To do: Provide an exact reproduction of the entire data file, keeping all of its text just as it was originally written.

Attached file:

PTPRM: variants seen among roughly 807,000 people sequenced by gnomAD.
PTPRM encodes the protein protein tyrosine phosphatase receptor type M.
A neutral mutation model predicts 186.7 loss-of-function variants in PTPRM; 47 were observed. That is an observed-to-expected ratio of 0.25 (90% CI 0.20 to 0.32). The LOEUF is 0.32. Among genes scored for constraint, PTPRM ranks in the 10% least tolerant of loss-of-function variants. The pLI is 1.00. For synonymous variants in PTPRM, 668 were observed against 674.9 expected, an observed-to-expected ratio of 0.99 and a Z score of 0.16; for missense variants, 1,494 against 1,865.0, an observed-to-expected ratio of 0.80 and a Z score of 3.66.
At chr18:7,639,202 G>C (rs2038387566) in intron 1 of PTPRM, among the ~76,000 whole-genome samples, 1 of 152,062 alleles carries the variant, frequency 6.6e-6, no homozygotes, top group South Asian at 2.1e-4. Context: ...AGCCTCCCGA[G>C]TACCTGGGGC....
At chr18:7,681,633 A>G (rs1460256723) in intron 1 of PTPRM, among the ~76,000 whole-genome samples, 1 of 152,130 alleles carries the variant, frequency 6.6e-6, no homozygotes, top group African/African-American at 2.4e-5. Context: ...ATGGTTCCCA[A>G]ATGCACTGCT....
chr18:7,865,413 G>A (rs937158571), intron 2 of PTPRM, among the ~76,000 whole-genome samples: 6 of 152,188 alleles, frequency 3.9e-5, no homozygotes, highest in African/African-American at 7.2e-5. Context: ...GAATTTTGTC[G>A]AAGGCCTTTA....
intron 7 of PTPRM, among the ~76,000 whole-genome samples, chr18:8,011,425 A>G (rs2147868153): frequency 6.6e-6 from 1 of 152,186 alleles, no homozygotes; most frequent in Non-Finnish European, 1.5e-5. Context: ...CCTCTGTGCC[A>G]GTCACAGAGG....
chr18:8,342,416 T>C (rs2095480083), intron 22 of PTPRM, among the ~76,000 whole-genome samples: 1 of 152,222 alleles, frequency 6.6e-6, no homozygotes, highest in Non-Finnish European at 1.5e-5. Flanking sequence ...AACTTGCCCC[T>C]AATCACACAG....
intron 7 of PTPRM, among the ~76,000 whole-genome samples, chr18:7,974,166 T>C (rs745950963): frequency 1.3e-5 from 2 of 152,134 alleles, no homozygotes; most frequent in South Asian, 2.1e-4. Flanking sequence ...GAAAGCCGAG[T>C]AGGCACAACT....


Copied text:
PTPRM: variants seen among roughly 807,000 people sequenced by gnomAD.
PTPRM encodes the protein protein tyrosine phosphatase receptor type M.
A neutral mutation model predicts 186.7 loss-of-function variants in PTPRM; 47 were observed. That is an observed-to-expected ratio of 0.25 (90% CI 0.20 to 0.32). The LOEUF is 0.32. Among genes scored for constraint, PTPRM ranks in the 10% least tolerant of loss-of-function variants. The pLI is 1.00. For synonymous variants in PTPRM, 668 were observed against 674.9 expected, an observed-to-expected ratio of 0.99 and a Z score of 0.16; for missense variants, 1,494 against 1,865.0, an observed-to-expected ratio of 0.80 and a Z score of 3.66.
At chr18:7,639,202 G>C (rs2038387566) in intron 1 of PTPRM, among the ~76,000 whole-genome samples, 1 of 152,062 alleles carries the variant, frequency 6.6e-6, no homozygotes, top group South Asian at 2.1e-4. Context: ...AGCCTCCCGA[G>C]TACCTGGGGC....
At chr18:7,681,633 A>G (rs1460256723) in intron 1 of PTPRM, among the ~76,000 whole-genome samples, 1 of 152,130 alleles carries the variant, frequency 6.6e-6, no homozygotes, top group African/African-American at 2.4e-5. Context: ...ATGGTTCCCA[A>G]ATGCACTGCT....
chr18:7,865,413 G>A (rs937158571), intron 2 of PTPRM, among the ~76,000 whole-genome samples: 6 of 152,188 alleles, frequency 3.9e-5, no homozygotes, highest in African/African-American at 7.2e-5. Context: ...GAATTTTGTC[G>A]AAGGCCTTTA....
intron 7 of PTPRM, among the ~76,000 whole-genome samples, chr18:8,011,425 A>G (rs2147868153): frequency 6.6e-6 from 1 of 152,186 alleles, no homozygotes; most frequent in Non-Finnish European, 1.5e-5. Context: ...CCTCTGTGCC[A>G]GTCACAGAGG....
chr18:8,342,416 T>C (rs2095480083), intron 22 of PTPRM, among the ~76,000 whole-genome samples: 1 of 152,222 alleles, frequency 6.6e-6, no homozygotes, highest in Non-Finnish European at 1.5e-5. Flanking sequence ...AACTTGCCCC[T>C]AATCACACAG....
intron 7 of PTPRM, among the ~76,000 whole-genome samples, chr18:7,974,166 T>C (rs745950963): frequency 1.3e-5 from 2 of 152,134 alleles, no homozygotes; most frequent in South Asian, 2.1e-4. Flanking sequence ...GAAAGCCGAG[T>C]AGGCACAACT....